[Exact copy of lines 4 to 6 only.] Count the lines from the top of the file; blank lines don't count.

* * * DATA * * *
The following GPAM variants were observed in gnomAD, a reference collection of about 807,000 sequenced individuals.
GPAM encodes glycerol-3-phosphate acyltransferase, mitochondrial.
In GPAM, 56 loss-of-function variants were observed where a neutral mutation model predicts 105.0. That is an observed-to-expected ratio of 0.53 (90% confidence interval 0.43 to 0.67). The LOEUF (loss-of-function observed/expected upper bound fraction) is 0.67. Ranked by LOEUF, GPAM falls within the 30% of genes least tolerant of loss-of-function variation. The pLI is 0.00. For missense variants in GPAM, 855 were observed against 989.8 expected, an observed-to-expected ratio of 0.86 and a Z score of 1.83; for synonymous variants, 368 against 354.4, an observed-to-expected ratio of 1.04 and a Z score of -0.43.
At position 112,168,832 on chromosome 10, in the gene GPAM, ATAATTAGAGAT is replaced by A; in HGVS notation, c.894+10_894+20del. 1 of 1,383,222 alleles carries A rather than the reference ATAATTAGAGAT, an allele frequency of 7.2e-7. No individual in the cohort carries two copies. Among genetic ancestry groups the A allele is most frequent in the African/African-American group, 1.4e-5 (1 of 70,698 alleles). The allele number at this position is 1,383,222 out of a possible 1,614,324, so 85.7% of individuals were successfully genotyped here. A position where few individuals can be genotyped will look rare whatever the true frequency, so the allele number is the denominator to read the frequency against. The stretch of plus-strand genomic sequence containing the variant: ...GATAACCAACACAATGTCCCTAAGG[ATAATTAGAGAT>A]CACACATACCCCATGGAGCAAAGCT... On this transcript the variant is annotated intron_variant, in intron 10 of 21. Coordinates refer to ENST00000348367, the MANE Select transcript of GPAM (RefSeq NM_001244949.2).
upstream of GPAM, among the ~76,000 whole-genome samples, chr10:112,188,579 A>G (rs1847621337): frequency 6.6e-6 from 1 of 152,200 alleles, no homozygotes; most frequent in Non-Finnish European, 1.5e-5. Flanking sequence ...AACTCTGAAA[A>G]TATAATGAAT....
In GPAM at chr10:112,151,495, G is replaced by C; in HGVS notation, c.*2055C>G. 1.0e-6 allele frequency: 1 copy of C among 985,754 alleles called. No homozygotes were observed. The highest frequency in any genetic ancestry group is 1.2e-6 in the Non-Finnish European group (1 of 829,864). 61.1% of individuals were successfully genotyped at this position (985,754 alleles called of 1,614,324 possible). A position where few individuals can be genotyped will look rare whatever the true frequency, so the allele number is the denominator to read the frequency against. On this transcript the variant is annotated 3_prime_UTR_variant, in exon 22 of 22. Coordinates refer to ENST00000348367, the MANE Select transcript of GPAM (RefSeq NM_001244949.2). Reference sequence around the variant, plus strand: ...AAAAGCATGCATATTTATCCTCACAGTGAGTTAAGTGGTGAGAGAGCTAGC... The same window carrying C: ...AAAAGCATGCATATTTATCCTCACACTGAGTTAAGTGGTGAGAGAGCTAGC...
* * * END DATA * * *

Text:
At position 112,168,832 on chromosome 10, in the gene GPAM, ATAATTAGAGAT is replaced by A; in HGVS notation, c.894+10_894+20del. 1 of 1,383,222 alleles carries A rather than the reference ATAATTAGAGAT, an allele frequency of 7.2e-7. No individual in the cohort carries two copies. Among genetic ancestry groups the A allele is most frequent in the African/African-American group, 1.4e-5 (1 of 70,698 alleles). The allele number at this position is 1,383,222 out of a possible 1,614,324, so 85.7% of individuals were successfully genotyped here. A position where few individuals can be genotyped will look rare whatever the true frequency, so the allele number is the denominator to read the frequency against. The stretch of plus-strand genomic sequence containing the variant: ...GATAACCAACACAATGTCCCTAAGG[ATAATTAGAGAT>A]CACACATACCCCATGGAGCAAAGCT... On this transcript the variant is annotated intron_variant, in intron 10 of 21. Coordinates refer to ENST00000348367, the MANE Select transcript of GPAM (RefSeq NM_001244949.2).
upstream of GPAM, among the ~76,000 whole-genome samples, chr10:112,188,579 A>G (rs1847621337): frequency 6.6e-6 from 1 of 152,200 alleles, no homozygotes; most frequent in Non-Finnish European, 1.5e-5. Flanking sequence ...AACTCTGAAA[A>G]TATAATGAAT....
In GPAM at chr10:112,151,495, G is replaced by C; in HGVS notation, c.*2055C>G. 1.0e-6 allele frequency: 1 copy of C among 985,754 alleles called. No homozygotes were observed. The highest frequency in any genetic ancestry group is 1.2e-6 in the Non-Finnish European group (1 of 829,864). 61.1% of individuals were successfully genotyped at this position (985,754 alleles called of 1,614,324 possible). A position where few individuals can be genotyped will look rare whatever the true frequency, so the allele number is the denominator to read the frequency against. On this transcript the variant is annotated 3_prime_UTR_variant, in exon 22 of 22. Coordinates refer to ENST00000348367, the MANE Select transcript of GPAM (RefSeq NM_001244949.2). Reference sequence around the variant, plus strand: ...AAAAGCATGCATATTTATCCTCACAGTGAGTTAAGTGGTGAGAGAGCTAGC... The same window carrying C: ...AAAAGCATGCATATTTATCCTCACACTGAGTTAAGTGGTGAGAGAGCTAGC...